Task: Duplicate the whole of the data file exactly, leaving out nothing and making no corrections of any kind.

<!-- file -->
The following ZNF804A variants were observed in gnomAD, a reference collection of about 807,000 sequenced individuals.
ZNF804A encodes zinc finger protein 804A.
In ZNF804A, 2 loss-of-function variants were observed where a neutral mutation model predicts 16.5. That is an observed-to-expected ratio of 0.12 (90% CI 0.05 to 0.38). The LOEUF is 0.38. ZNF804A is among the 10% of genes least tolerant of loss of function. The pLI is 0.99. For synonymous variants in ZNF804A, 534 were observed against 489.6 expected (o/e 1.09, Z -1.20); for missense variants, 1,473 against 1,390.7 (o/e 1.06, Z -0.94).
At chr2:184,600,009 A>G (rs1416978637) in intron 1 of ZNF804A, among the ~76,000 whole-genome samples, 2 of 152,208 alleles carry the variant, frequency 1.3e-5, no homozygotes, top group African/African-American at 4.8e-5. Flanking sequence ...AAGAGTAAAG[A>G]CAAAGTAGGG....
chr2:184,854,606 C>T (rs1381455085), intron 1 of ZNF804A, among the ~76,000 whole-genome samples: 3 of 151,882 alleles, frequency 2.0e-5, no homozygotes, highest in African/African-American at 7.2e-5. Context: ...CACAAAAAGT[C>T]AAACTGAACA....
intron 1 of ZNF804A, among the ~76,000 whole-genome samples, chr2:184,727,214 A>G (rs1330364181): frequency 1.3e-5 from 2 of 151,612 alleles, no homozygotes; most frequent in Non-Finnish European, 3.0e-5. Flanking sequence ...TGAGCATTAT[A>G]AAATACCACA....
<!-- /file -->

The following ZNF804A variants were observed in gnomAD, a reference collection of about 807,000 sequenced individuals.
ZNF804A encodes zinc finger protein 804A.
In ZNF804A, 2 loss-of-function variants were observed where a neutral mutation model predicts 16.5. That is an observed-to-expected ratio of 0.12 (90% CI 0.05 to 0.38). The LOEUF is 0.38. ZNF804A is among the 10% of genes least tolerant of loss of function. The pLI is 0.99. For synonymous variants in ZNF804A, 534 were observed against 489.6 expected (o/e 1.09, Z -1.20); for missense variants, 1,473 against 1,390.7 (o/e 1.06, Z -0.94).
At chr2:184,600,009 A>G (rs1416978637) in intron 1 of ZNF804A, among the ~76,000 whole-genome samples, 2 of 152,208 alleles carry the variant, frequency 1.3e-5, no homozygotes, top group African/African-American at 4.8e-5. Flanking sequence ...AAGAGTAAAG[A>G]CAAAGTAGGG....
chr2:184,854,606 C>T (rs1381455085), intron 1 of ZNF804A, among the ~76,000 whole-genome samples: 3 of 151,882 alleles, frequency 2.0e-5, no homozygotes, highest in African/African-American at 7.2e-5. Context: ...CACAAAAAGT[C>T]AAACTGAACA....
intron 1 of ZNF804A, among the ~76,000 whole-genome samples, chr2:184,727,214 A>G (rs1330364181): frequency 1.3e-5 from 2 of 151,612 alleles, no homozygotes; most frequent in Non-Finnish European, 3.0e-5. Flanking sequence ...TGAGCATTAT[A>G]AAATACCACA....